Again I asked to have some grieving time and again I was ignored.  A few days later, another clone was brought home, in puppy form.  There was some yelling (mine), some hysterics (also mine), some cursing (me again) and I still lost the fight.  I did win the battle on it not having the same name though.  We’ve managed to keep this one for a few years now and that’s him sitting on the couch with me in the picture.

On to the cats.  I’m not really a cat person, but living in the country, cat’s are almost a requirement as an all-natural bug and rodent exterminator.  Job satisfaction must not be very high because after a couple years, they wander on down the road.  We’ve had about six or seven over the years.

In between all the dogs and cats, there’s been other animals come and go, usually because Hillbilly Man thinks it’d be fun to own something.  Like the goats.  We had two at one point, which ended up being four because one of them was pregnant when we got her.  The two babies thought they were dogs and tried to live on the porch.  There was also the neighbor’s horse who had “the grass is greener” syndrome and Houdini’d his way over to our fields quite often.  And the couple dozen ducks bought as chicks that I ended up raising until they could go live at our pond.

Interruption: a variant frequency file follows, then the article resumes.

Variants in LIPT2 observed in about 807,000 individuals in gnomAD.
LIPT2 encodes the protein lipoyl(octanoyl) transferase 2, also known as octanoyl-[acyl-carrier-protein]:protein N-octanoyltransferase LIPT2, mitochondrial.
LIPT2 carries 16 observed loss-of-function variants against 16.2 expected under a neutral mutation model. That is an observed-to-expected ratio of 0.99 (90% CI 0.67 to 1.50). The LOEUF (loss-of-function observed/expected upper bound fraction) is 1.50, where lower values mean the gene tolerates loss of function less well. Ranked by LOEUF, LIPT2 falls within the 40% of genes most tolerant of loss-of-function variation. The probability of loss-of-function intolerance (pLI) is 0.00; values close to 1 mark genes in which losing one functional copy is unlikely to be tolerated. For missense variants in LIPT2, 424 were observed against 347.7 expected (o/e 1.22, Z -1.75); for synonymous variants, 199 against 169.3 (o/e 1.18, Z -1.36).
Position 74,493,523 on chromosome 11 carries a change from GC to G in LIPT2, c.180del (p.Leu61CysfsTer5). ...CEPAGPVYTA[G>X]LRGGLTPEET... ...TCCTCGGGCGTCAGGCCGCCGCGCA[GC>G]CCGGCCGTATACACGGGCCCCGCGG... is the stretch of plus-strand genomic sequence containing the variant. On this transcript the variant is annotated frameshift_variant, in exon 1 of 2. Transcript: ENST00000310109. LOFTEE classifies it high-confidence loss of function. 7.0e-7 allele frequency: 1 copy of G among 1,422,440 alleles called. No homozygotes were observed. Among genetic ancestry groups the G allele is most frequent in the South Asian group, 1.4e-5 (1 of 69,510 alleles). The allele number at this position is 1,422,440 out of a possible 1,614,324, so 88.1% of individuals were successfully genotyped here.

In addition to the ones we’ve owned, there are the neighbor’s dogs which roam the area and eventually seem to gravitate towards our house.  Probably because we buy the “good” food.

So, as of today, we have one floofy indoor dog, one hound dog (that they got while I was away for three weeks taking care of my very-ill Mother), and two cats.  We also became the de facto owner of two puppies courtesy of the neighbor’s dog who delivered in the crawlspace under our house.  She’s also a daily visitor, along with their other dog who likes to sleep under the outdoor table, the two big dogs (both named Dog) owned by a nice old man next door and several roaming dogs that occasionally stop by to visit or cool off in the pond or creek.  At any given point, especially feeding time, there’s usually 6 to 8 dogs on our porch and since almost all of them are male, there are occasional fights for dominance.